Wood Furniture - Woods and Joints
There are different kinds of wood that furniture can be constructed from. And there are different joints that can be used to hold the parts of the furniture together. Here's an overview of what you might be working with.
There are three basic types of wood you can work with-hardwood, softwood, and plywood. (A lot of furniture you see today is made with particle board or pressboard as well. This type of wood is very difficult to saw or cut and is not suitable for work at home.)
Hardwoods come from trees with broad leaves or at least without needles such as cherry, mahogany, maple, and oak. As the name implies, these woods usually (though not always) have a hard surface. This can make them a little more difficult to work with for cutting, carving, and detail work. But it also makes them stronger and more stable.
Softwoods come from needle-bearing trees such as pine, spruce, and cedar. Being softer, they are easier to cut, carve, and do other detail work on. However, the soft surface also means that they're more likely to show dings and scratches. And for flat, horizontal surfaces, especially those that will be sat on, they'll need more support to keep them from sagging.
Plywood is put together with thin sheets of wood material and glue or some other bonding. Typically these sheets consist of 5-ply or 7-ply boards that offer greater strength, stability, and durability than a similarly thick piece of wood. This makes plywood especially useful for strengthening non-visible portions of furniture.
You can use several different joints to put the wood together. Here are some of the common options.
Mortise and Tenon
One of the pieces of wood has a notch (mortise) cut into it. The other piece is cut to have a projection (tenon) that fits into that notch. The fit should be as tight as possible, and the joint should be glued for added support.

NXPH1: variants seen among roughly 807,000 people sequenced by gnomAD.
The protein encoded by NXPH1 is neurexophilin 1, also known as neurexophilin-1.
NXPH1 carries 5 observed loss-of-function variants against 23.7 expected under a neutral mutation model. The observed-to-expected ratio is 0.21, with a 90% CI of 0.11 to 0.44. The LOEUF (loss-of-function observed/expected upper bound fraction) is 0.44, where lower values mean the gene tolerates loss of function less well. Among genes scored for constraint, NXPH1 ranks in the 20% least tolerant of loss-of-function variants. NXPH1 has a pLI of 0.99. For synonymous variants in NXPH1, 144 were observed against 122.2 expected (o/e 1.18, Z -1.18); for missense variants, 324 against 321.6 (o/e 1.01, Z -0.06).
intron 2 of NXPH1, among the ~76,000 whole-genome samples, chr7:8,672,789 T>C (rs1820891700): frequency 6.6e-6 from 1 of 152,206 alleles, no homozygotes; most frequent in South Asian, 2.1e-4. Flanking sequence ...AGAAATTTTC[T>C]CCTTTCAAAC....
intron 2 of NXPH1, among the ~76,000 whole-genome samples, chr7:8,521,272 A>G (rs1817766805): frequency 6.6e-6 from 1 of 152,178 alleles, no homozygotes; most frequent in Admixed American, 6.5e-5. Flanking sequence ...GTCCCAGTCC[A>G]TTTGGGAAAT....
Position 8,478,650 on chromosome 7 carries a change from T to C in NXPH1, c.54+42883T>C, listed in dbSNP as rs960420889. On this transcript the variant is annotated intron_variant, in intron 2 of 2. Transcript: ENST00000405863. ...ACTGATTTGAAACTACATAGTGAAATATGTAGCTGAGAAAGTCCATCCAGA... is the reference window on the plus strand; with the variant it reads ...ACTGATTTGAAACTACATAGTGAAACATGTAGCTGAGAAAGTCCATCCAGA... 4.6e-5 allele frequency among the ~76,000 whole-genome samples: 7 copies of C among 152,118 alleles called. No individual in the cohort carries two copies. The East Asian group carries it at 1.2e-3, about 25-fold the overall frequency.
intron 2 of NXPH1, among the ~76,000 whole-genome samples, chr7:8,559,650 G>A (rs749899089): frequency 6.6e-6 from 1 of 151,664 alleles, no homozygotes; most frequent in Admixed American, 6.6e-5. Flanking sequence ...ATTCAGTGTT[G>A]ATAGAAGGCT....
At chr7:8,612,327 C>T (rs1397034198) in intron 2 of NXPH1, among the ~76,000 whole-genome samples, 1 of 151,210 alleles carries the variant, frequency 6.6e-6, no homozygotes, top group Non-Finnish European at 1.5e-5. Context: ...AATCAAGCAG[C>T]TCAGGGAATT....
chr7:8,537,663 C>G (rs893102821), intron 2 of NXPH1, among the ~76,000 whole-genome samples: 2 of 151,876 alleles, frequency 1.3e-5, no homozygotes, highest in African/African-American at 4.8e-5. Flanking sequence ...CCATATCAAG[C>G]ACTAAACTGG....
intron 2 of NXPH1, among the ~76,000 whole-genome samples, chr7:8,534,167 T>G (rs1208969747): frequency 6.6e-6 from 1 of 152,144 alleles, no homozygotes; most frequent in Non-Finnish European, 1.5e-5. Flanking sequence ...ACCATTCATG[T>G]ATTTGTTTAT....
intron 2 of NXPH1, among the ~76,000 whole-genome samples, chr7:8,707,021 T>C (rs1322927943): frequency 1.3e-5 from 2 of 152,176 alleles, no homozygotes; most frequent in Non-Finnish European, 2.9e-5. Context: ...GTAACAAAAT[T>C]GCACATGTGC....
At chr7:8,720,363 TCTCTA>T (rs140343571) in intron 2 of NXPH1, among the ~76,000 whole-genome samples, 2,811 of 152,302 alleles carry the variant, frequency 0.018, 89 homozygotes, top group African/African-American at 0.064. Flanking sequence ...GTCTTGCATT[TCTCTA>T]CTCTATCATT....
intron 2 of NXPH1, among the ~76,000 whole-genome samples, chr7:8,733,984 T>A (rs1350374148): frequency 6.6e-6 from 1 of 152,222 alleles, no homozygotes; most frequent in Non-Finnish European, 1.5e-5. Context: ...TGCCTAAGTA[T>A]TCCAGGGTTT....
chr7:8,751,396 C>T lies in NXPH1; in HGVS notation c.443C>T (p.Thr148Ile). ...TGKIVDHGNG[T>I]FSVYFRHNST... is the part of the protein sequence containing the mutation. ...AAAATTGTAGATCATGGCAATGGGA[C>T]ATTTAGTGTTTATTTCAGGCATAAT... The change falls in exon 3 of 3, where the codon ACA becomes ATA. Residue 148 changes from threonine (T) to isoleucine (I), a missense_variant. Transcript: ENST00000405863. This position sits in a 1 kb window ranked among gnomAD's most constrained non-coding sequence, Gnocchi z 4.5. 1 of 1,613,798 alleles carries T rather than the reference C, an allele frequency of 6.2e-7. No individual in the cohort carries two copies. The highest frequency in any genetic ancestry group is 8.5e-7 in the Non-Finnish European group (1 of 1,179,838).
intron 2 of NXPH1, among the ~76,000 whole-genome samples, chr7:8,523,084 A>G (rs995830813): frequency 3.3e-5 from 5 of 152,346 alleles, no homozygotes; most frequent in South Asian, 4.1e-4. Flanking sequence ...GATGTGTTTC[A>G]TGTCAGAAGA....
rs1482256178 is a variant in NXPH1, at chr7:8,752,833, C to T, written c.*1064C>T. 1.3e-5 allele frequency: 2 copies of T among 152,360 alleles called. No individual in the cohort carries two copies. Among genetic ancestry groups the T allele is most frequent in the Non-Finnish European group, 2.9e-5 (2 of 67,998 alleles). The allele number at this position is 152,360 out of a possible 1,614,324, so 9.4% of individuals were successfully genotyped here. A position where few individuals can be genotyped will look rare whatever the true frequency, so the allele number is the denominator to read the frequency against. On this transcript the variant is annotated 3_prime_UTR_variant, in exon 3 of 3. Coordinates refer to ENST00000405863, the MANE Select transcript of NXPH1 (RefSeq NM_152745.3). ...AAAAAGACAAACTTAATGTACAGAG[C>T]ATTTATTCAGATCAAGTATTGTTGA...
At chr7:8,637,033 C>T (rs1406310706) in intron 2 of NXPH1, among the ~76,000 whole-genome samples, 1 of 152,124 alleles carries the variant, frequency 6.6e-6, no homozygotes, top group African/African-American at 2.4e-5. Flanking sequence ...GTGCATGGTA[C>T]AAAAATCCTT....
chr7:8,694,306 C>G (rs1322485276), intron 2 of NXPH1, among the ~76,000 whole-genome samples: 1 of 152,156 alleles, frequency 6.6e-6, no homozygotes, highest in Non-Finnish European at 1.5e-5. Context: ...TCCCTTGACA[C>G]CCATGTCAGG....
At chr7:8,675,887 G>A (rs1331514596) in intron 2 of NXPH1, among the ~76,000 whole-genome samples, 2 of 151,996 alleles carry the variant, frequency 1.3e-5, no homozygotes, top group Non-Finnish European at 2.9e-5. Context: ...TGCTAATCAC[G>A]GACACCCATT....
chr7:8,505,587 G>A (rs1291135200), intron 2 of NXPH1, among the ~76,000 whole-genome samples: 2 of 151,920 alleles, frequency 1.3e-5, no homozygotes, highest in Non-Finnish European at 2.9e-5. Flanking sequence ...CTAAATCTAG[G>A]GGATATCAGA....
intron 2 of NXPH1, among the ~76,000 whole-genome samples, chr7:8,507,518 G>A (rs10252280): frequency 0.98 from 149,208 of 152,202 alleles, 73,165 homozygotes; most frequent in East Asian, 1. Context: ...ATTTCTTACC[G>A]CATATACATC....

Both of the pieces has two round holes drilled or bored into them where they are going to be joined. Two dowels that fit the holes are inserted in both and the pieces are pushed together so the dowels are not visible. Glue is helpful in keeping this joint together.
You may be most familiar with this kind of joint from the extra leaf in your dining room table. Like mortise and tenon, tongue-in-groove involves a notch in one piece and a projection in the other. But the two pieces are not joined at an angle. Rather the one piece is an extension of the other. This joint is not designed to support weight.
A dovetail joint has notches cut in both pieces so they fit together like a puzzle. This joint is often used in drawers.
Two boards are cut at an angle so they join together at a perfect 90 degrees. The joint is held together with screws, nails, or dowels.
Triangular wood blocks are cut to fit the corners and glued or screwed in place. They can further secure weight-bearing joints in chairs and other places.